Introduction: The present status of xenotransplantation research

Academic Article


  • ¬© Springer Science+Business Media, LLC, part of Springer Nature 2020. There is a well-known worldwide shortage of deceased human donor organs for clinical transplantation. The transplantation of organs from genetically engineered pigs may prove an alternative solution. In the past 5¬†years, there have been sequential advances that have significantly increased pig graft survival in nonhuman primates. This progress has been associated with (1) the availability of increasingly sophisticated genetically engineered pigs; (2) the introduction of novel immunosuppressive agents, particularly those that block the second T-cell signal (costimulation blockade); (3) a better understanding of the inflammatory response to pig xenografts; and (4) increasing experience in the management of nonhuman primates with pig organ or cell grafts. The range of investigations required in experimental studies has increased. The standard immunologic assays are still carried out, but increasingly investigations aimed toward other pathobiologic barriers (e.g., coagulation dysregulation and inflammation) have become more important in determining injury to the graft. Now that prolonged graft survival, extending to months or even years, is increasingly being obtained, the function of the grafts can be more reliably assessed. If the source pigs are bred and housed under biosecure isolation conditions, and weaned early from the sow, most microorganisms can be eradicated from the herd. The potential risk of porcine endogenous retrovirus (PERV) infection remains unknown, but is probably small. Attention is being directed toward the selection of patients for the first clinical trials of xenotransplantation.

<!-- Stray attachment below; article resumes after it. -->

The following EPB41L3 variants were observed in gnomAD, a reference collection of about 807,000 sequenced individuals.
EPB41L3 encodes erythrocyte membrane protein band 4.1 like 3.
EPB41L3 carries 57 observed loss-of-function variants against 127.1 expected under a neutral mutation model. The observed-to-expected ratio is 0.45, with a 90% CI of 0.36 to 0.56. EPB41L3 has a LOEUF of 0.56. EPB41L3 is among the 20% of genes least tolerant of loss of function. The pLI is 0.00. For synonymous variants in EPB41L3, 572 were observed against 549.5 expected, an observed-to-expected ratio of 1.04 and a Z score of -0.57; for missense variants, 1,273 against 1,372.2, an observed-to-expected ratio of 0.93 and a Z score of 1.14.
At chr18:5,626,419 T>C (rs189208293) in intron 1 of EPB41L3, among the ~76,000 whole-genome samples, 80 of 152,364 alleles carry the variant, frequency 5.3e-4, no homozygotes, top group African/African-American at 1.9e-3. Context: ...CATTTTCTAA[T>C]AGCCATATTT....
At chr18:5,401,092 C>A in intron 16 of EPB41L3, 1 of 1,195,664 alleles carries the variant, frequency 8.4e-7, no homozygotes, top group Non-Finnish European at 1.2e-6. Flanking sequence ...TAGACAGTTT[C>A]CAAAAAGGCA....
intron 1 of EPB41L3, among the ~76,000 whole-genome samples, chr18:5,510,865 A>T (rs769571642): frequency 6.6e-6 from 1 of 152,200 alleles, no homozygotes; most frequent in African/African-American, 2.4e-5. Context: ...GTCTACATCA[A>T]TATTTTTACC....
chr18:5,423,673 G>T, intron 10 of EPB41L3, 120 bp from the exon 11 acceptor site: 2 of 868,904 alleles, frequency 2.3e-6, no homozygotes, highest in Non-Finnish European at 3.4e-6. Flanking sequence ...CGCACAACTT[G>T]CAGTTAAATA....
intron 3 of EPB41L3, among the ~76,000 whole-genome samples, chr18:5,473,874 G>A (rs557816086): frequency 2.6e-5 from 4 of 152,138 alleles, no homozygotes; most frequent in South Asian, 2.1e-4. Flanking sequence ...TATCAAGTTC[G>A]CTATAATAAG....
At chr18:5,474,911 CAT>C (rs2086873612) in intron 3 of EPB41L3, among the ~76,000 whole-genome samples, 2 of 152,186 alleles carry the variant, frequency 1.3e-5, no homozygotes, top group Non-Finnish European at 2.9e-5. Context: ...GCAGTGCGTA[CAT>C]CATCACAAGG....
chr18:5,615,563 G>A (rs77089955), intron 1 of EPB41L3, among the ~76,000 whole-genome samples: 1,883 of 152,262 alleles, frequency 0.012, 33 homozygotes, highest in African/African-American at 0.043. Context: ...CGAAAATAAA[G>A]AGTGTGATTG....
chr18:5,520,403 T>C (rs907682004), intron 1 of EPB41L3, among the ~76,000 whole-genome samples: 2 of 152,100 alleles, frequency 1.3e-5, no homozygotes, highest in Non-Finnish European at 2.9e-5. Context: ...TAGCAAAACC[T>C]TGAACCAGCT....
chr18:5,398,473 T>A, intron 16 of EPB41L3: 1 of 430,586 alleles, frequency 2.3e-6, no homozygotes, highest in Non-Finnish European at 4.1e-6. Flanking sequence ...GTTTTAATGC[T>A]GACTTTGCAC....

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  • Cooper DKC
  • Start Page

  • 1
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  • 25
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  • 2110